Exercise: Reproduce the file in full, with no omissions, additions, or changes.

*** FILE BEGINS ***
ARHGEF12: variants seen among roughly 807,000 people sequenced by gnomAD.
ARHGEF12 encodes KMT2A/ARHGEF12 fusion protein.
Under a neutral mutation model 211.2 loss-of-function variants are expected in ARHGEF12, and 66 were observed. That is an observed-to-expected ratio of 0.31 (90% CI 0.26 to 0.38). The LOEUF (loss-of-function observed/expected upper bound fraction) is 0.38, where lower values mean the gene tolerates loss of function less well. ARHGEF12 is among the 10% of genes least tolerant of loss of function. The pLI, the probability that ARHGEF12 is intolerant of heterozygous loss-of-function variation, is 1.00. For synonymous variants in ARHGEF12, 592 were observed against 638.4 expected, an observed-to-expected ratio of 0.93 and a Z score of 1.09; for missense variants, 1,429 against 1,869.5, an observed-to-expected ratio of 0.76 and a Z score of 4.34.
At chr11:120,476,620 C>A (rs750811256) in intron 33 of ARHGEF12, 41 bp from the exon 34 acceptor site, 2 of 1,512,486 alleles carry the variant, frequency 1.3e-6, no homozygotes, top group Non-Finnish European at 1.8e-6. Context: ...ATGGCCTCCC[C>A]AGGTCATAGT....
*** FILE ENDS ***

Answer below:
ARHGEF12: variants seen among roughly 807,000 people sequenced by gnomAD.
ARHGEF12 encodes KMT2A/ARHGEF12 fusion protein.
Under a neutral mutation model 211.2 loss-of-function variants are expected in ARHGEF12, and 66 were observed. That is an observed-to-expected ratio of 0.31 (90% CI 0.26 to 0.38). The LOEUF (loss-of-function observed/expected upper bound fraction) is 0.38, where lower values mean the gene tolerates loss of function less well. ARHGEF12 is among the 10% of genes least tolerant of loss of function. The pLI, the probability that ARHGEF12 is intolerant of heterozygous loss-of-function variation, is 1.00. For synonymous variants in ARHGEF12, 592 were observed against 638.4 expected, an observed-to-expected ratio of 0.93 and a Z score of 1.09; for missense variants, 1,429 against 1,869.5, an observed-to-expected ratio of 0.76 and a Z score of 4.34.
At chr11:120,476,620 C>A (rs750811256) in intron 33 of ARHGEF12, 41 bp from the exon 34 acceptor site, 2 of 1,512,486 alleles carry the variant, frequency 1.3e-6, no homozygotes, top group Non-Finnish European at 1.8e-6. Context: ...ATGGCCTCCC[C>A]AGGTCATAGT....